Author RE: I am also curious

Posts: 17
Location: Texas
Joined: 01.06.21
Posted on June 05 2021 13:42
I would say the best part of OpenVMS is it's administrator friendly environment to the point of giddieness compared to other OSes.

Yes users can submit the same or different batch jobs to a named generic queues that points to lists of batch queues running on other nodes and thus spread the load across many computers up to the point they fill up the batch limit or process slots.
No need to save an out of date list of computer names available to use either ssh to linux/unix and enter-pssession to windows computers to get them to do something.

Administrators also had the advantage of using sysman set environment/cluster to execute a command cluster wide right then on demand.
Back in the VAX/VMS 4.4 days before sysman was available, there was a tell command that you could tell a computer to go to something. I figured out how it worked and could tell more than one computer to go do something.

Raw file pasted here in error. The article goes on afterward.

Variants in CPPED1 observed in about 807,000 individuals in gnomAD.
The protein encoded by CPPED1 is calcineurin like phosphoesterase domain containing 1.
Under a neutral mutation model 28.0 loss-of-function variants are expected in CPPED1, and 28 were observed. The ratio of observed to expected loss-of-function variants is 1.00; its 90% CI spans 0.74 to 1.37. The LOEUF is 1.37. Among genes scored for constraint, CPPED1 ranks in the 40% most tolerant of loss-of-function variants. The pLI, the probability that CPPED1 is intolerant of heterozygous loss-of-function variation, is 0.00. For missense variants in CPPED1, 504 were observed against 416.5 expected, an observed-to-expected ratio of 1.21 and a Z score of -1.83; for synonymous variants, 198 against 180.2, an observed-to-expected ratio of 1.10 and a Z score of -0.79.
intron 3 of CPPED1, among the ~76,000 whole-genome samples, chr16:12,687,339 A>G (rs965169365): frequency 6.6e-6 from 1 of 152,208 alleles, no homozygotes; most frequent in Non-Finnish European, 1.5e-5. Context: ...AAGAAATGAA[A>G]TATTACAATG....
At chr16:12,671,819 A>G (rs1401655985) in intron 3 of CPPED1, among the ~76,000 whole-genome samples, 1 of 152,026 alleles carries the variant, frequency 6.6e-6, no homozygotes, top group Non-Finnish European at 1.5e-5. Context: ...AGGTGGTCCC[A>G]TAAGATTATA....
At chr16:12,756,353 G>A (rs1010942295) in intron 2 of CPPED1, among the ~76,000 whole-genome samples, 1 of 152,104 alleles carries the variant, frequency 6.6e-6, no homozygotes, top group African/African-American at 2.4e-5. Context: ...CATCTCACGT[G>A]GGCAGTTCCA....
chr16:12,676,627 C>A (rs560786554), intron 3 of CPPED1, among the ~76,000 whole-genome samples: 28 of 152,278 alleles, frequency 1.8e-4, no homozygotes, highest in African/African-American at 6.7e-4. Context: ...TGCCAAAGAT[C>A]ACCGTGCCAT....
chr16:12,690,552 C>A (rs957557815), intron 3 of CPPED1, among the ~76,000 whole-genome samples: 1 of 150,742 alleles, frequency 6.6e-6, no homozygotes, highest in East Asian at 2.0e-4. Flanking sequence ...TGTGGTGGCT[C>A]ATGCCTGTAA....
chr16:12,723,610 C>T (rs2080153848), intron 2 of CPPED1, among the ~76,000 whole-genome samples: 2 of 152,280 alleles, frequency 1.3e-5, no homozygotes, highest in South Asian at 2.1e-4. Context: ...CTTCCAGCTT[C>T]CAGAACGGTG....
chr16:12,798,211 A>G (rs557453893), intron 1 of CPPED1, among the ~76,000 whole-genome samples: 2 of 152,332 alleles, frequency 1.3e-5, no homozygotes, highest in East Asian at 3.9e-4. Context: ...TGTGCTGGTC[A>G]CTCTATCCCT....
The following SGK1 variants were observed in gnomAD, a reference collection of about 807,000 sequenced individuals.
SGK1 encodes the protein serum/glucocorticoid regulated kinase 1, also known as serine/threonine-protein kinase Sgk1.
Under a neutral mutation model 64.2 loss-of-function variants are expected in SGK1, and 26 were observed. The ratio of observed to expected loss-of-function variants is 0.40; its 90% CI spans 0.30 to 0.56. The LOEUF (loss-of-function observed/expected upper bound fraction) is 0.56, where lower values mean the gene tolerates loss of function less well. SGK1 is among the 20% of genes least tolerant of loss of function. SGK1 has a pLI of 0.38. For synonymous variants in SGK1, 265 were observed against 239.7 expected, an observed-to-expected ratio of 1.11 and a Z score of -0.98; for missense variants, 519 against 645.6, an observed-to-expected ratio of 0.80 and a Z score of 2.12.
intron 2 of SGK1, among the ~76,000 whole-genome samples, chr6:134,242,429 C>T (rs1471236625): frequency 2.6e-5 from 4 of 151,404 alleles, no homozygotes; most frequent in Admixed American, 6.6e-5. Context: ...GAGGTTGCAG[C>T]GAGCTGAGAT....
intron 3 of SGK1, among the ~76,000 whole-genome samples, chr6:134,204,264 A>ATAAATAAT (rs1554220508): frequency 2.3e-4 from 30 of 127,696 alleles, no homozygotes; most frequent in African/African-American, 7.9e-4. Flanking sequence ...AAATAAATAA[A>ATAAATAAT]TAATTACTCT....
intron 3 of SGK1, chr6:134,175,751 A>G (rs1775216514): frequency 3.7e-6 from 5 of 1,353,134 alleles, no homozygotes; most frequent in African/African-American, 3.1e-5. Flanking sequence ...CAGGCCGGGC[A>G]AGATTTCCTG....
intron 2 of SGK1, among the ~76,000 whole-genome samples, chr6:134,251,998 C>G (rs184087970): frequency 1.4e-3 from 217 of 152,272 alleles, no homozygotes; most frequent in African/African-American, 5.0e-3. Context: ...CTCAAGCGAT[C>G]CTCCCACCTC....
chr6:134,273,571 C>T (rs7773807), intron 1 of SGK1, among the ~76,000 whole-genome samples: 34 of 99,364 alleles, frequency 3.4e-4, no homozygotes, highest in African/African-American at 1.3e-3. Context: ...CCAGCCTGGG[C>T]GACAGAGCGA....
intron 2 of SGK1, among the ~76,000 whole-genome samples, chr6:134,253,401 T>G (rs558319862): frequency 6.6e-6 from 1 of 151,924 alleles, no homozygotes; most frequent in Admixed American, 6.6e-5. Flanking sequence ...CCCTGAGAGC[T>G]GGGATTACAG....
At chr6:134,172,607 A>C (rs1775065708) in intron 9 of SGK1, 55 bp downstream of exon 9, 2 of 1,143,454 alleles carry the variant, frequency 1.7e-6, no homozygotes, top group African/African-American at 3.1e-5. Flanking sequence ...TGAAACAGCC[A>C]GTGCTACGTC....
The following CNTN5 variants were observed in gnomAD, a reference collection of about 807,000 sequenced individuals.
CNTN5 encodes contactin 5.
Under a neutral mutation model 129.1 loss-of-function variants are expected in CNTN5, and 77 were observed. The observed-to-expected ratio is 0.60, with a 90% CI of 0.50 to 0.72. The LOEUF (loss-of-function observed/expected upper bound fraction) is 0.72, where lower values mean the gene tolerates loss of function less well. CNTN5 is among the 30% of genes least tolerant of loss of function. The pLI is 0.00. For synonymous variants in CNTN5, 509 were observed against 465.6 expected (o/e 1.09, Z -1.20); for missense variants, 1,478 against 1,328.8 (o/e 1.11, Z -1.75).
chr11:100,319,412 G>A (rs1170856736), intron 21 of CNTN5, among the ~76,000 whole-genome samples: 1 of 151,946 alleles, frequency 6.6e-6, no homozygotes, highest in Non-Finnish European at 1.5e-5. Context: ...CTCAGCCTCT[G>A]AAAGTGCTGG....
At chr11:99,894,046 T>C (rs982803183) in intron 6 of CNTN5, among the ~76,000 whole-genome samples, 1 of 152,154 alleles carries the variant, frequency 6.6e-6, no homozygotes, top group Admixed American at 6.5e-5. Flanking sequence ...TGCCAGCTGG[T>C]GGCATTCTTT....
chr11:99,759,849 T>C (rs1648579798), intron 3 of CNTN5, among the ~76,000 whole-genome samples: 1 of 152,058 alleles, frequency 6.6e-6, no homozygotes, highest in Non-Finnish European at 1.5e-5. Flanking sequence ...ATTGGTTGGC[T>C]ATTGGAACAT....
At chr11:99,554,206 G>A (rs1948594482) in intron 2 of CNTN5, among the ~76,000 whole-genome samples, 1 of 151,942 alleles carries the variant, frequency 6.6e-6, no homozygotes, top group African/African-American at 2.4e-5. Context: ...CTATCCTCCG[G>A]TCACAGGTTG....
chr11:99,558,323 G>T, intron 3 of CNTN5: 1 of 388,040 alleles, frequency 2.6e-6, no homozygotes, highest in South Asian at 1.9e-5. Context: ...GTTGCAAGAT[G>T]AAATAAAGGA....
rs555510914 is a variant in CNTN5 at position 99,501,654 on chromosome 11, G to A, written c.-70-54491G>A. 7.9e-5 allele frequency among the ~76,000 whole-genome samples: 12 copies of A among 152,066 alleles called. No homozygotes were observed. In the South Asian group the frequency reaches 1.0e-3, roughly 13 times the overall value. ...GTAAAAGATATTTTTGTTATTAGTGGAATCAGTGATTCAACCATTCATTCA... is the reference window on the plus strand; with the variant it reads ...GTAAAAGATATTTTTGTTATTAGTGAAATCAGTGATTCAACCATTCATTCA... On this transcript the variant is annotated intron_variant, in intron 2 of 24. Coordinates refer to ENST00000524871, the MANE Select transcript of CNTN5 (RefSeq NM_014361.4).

I would really like that capability with Linux/Solaris/Windows. I would have it "do it now" and not "I'll queue it up for later execution if the queue isn't hung".
I currently have an awk script that takes a list of Linux computers and writes a script that does: echo $node; ssh -tq -ConnectTimeOut=5 $node $cmd. However it requires pre-setup of ssh-keygen. Ok if your home is on common storage.

I also like mscp disk serving: from HSx storage array directly connected to two servers and each server had a sparse root zone equivalent for each of the 35 diskless workstations that booted over ethernet to be part of a Local Area Vax Cluster.